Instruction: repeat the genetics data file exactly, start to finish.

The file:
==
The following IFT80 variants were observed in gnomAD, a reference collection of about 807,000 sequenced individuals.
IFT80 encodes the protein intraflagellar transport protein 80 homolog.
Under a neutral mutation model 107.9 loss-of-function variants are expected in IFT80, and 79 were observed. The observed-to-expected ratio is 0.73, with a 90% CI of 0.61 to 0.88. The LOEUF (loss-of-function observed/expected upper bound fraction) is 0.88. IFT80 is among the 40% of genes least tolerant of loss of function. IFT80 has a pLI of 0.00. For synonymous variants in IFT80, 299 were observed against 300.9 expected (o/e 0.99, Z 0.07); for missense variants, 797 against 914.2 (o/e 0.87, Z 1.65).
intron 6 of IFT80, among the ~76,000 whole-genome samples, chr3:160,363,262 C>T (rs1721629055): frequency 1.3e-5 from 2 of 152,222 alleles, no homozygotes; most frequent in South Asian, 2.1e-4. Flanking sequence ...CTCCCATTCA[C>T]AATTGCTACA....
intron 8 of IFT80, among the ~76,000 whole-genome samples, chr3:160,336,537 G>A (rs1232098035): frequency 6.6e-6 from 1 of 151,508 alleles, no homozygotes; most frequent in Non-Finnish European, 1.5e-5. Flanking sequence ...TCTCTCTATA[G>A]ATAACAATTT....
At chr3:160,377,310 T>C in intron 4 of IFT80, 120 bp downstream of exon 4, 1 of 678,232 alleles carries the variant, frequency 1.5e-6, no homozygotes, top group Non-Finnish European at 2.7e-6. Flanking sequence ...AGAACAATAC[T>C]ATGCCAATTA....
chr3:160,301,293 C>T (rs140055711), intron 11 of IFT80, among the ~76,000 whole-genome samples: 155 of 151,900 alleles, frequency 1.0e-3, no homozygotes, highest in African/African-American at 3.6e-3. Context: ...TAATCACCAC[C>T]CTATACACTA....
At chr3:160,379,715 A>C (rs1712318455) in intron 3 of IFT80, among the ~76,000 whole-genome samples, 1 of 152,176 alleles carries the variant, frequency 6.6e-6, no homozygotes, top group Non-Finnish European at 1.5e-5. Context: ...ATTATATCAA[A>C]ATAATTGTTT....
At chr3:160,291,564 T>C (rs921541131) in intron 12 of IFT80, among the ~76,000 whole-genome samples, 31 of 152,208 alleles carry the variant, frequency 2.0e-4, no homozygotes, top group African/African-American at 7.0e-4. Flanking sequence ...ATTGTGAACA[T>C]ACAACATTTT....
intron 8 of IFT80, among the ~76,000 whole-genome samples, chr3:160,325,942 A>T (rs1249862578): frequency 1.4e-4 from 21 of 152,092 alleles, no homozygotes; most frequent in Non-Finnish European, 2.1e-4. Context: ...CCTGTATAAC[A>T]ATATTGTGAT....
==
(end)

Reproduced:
The following IFT80 variants were observed in gnomAD, a reference collection of about 807,000 sequenced individuals.
IFT80 encodes the protein intraflagellar transport protein 80 homolog.
Under a neutral mutation model 107.9 loss-of-function variants are expected in IFT80, and 79 were observed. The observed-to-expected ratio is 0.73, with a 90% CI of 0.61 to 0.88. The LOEUF (loss-of-function observed/expected upper bound fraction) is 0.88. IFT80 is among the 40% of genes least tolerant of loss of function. IFT80 has a pLI of 0.00. For synonymous variants in IFT80, 299 were observed against 300.9 expected (o/e 0.99, Z 0.07); for missense variants, 797 against 914.2 (o/e 0.87, Z 1.65).
intron 6 of IFT80, among the ~76,000 whole-genome samples, chr3:160,363,262 C>T (rs1721629055): frequency 1.3e-5 from 2 of 152,222 alleles, no homozygotes; most frequent in South Asian, 2.1e-4. Flanking sequence ...CTCCCATTCA[C>T]AATTGCTACA....
intron 8 of IFT80, among the ~76,000 whole-genome samples, chr3:160,336,537 G>A (rs1232098035): frequency 6.6e-6 from 1 of 151,508 alleles, no homozygotes; most frequent in Non-Finnish European, 1.5e-5. Flanking sequence ...TCTCTCTATA[G>A]ATAACAATTT....
At chr3:160,377,310 T>C in intron 4 of IFT80, 120 bp downstream of exon 4, 1 of 678,232 alleles carries the variant, frequency 1.5e-6, no homozygotes, top group Non-Finnish European at 2.7e-6. Flanking sequence ...AGAACAATAC[T>C]ATGCCAATTA....
chr3:160,301,293 C>T (rs140055711), intron 11 of IFT80, among the ~76,000 whole-genome samples: 155 of 151,900 alleles, frequency 1.0e-3, no homozygotes, highest in African/African-American at 3.6e-3. Context: ...TAATCACCAC[C>T]CTATACACTA....
At chr3:160,379,715 A>C (rs1712318455) in intron 3 of IFT80, among the ~76,000 whole-genome samples, 1 of 152,176 alleles carries the variant, frequency 6.6e-6, no homozygotes, top group Non-Finnish European at 1.5e-5. Context: ...ATTATATCAA[A>C]ATAATTGTTT....
At chr3:160,291,564 T>C (rs921541131) in intron 12 of IFT80, among the ~76,000 whole-genome samples, 31 of 152,208 alleles carry the variant, frequency 2.0e-4, no homozygotes, top group African/African-American at 7.0e-4. Flanking sequence ...ATTGTGAACA[T>C]ACAACATTTT....
intron 8 of IFT80, among the ~76,000 whole-genome samples, chr3:160,325,942 A>T (rs1249862578): frequency 1.4e-4 from 21 of 152,092 alleles, no homozygotes; most frequent in Non-Finnish European, 2.1e-4. Context: ...CCTGTATAAC[A>T]ATATTGTGAT....